Even though they are two very different tool, it is not uncommon for people to be deciding between a router and a Dremel tool. After all, they both take a bit and rotate it fast enough to chip away wood or other materials.
If you are finding yourself in a similar situation, continue reading. Below, I’ll take you through the major differences between the two and help you make your choice. Before doing so, let’s take a brief look at what a router and what a Dremel is, though.
Router and Dremel: The Basics
On paper, both a Dremel tool and a router might seem similar. They’re fast-spinning tools. They can both be used for cutting, engraving, etching, sanding, and rounding edges. But, taking a quick look at them will prove a world of difference.
What Is a Router?
A router is a woodworking tool that hollows out an area in a piece of wood.
It is often regarded as the most versatile woodworking power tool. It stands perpendicular to the working surface and is slid across the surface by hand. While there are numerous types of routers, fixed-base and plunge among others, for the purpose of this article we will treat them all as the same.
What Is a Dremel?
A Dremel is a woodworking rotary tool.
It is handheld and looks like a pencil or electric toothbrush. You insert a bit into the tool and then you can start working. It’s named after the gentleman and company who founded the tool, Dremel – though its official name is a “Moto-Tool”.
Router vs. Dremel: What Are the Differences?
Though the tools can do very similar tasks, there’s a lot of differences between the two as well.
The difference in the collet size of the two tools is very noticeable and could make or break your project.
Dremels only have 1/8-inch collets. Routers have a 1/4-inch collet or larger. This means that a router can take thicker diameter bits.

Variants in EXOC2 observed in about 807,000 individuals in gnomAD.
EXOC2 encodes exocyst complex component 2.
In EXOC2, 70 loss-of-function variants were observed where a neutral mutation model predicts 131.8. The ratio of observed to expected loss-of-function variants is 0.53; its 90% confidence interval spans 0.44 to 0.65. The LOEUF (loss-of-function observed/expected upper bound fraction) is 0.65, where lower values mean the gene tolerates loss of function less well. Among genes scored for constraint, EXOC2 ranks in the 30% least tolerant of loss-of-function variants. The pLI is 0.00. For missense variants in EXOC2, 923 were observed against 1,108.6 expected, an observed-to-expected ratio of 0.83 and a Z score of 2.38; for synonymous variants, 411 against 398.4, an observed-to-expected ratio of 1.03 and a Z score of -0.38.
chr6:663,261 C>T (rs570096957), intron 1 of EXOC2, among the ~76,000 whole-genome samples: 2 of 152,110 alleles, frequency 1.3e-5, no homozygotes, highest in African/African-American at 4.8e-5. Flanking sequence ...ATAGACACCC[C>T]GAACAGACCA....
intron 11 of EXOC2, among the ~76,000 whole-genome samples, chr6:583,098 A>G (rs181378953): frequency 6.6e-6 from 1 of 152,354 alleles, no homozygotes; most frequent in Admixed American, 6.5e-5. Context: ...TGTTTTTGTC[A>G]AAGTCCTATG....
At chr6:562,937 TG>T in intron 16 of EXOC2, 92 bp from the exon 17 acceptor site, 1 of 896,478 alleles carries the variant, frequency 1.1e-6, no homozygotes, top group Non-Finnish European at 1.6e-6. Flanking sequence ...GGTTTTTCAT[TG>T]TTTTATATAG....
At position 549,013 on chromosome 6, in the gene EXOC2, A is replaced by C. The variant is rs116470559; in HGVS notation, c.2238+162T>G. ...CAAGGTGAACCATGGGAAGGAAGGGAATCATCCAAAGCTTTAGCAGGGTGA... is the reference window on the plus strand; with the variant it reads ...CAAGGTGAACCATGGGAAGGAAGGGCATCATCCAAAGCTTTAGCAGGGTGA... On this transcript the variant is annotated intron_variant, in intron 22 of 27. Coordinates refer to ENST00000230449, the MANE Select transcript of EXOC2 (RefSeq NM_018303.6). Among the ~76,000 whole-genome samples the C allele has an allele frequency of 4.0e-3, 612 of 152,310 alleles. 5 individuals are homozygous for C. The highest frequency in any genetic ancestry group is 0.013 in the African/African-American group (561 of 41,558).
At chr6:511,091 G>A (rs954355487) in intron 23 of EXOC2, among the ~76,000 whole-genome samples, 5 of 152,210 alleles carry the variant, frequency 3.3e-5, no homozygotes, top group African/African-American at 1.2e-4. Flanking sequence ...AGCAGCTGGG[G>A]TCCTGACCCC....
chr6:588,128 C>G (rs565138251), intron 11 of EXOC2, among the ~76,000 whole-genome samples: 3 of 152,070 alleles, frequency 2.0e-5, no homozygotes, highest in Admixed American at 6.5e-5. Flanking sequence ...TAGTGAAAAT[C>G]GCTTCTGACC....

Since the collet of the Dremel is so much smaller, it’s a lot easier to break a bit.
Also, even a well-made Dremel has trouble lasting as long as a router. Additionally, the way you hold and use the tool makes the Dremel easier to break.
Not only are routers heavier and less likely to break, but they’re also more powerful. Dremels can see powers of around 1.6-amp motors. Entry-level routers can have 5.6-amp motors and can go way up to 15 amps.
There are projects that you can knock out with a single pass of a router. Due to the power discrepancy, it will take many passes of the Dremel to match the finish.
Along with more power, routers also have higher speeds than Dremel tools.
Routers can vary when it comes to RPM, but it’s not uncommon to see a range of 15,000 to 35,000 RPM. For comparison, the heavier-duty series of Dremel, the 7300, can deliver from 6,500 to 13,000 RPM.
Since a router is larger and stronger, it makes sense that it can work on more materials than the Dremel.
At times, a Dremel tool can even struggle with softwoods like pine. You might find the motor sputtering and seizing on even some soft materials.
This is the one place that the Dremel starts to show its strength.